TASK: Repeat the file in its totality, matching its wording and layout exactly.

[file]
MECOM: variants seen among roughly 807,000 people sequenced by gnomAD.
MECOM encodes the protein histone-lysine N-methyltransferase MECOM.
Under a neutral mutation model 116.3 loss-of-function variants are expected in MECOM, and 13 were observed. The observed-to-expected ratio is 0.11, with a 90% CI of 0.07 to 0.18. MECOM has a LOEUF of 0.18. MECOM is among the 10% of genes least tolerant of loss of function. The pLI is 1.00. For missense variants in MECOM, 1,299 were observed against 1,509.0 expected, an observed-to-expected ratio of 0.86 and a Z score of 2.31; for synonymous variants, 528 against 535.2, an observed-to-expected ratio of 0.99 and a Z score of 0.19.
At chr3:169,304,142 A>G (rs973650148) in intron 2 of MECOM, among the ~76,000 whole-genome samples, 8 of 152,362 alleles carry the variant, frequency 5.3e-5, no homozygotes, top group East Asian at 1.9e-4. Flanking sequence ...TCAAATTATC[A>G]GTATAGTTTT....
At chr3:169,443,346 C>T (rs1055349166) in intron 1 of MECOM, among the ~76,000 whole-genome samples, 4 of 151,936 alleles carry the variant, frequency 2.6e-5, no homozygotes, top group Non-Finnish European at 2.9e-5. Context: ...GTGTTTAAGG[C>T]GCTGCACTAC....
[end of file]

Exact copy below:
MECOM: variants seen among roughly 807,000 people sequenced by gnomAD.
MECOM encodes the protein histone-lysine N-methyltransferase MECOM.
Under a neutral mutation model 116.3 loss-of-function variants are expected in MECOM, and 13 were observed. The observed-to-expected ratio is 0.11, with a 90% CI of 0.07 to 0.18. MECOM has a LOEUF of 0.18. MECOM is among the 10% of genes least tolerant of loss of function. The pLI is 1.00. For missense variants in MECOM, 1,299 were observed against 1,509.0 expected, an observed-to-expected ratio of 0.86 and a Z score of 2.31; for synonymous variants, 528 against 535.2, an observed-to-expected ratio of 0.99 and a Z score of 0.19.
At chr3:169,304,142 A>G (rs973650148) in intron 2 of MECOM, among the ~76,000 whole-genome samples, 8 of 152,362 alleles carry the variant, frequency 5.3e-5, no homozygotes, top group East Asian at 1.9e-4. Flanking sequence ...TCAAATTATC[A>G]GTATAGTTTT....
At chr3:169,443,346 C>T (rs1055349166) in intron 1 of MECOM, among the ~76,000 whole-genome samples, 4 of 151,936 alleles carry the variant, frequency 2.6e-5, no homozygotes, top group Non-Finnish European at 2.9e-5. Context: ...GTGTTTAAGG[C>T]GCTGCACTAC....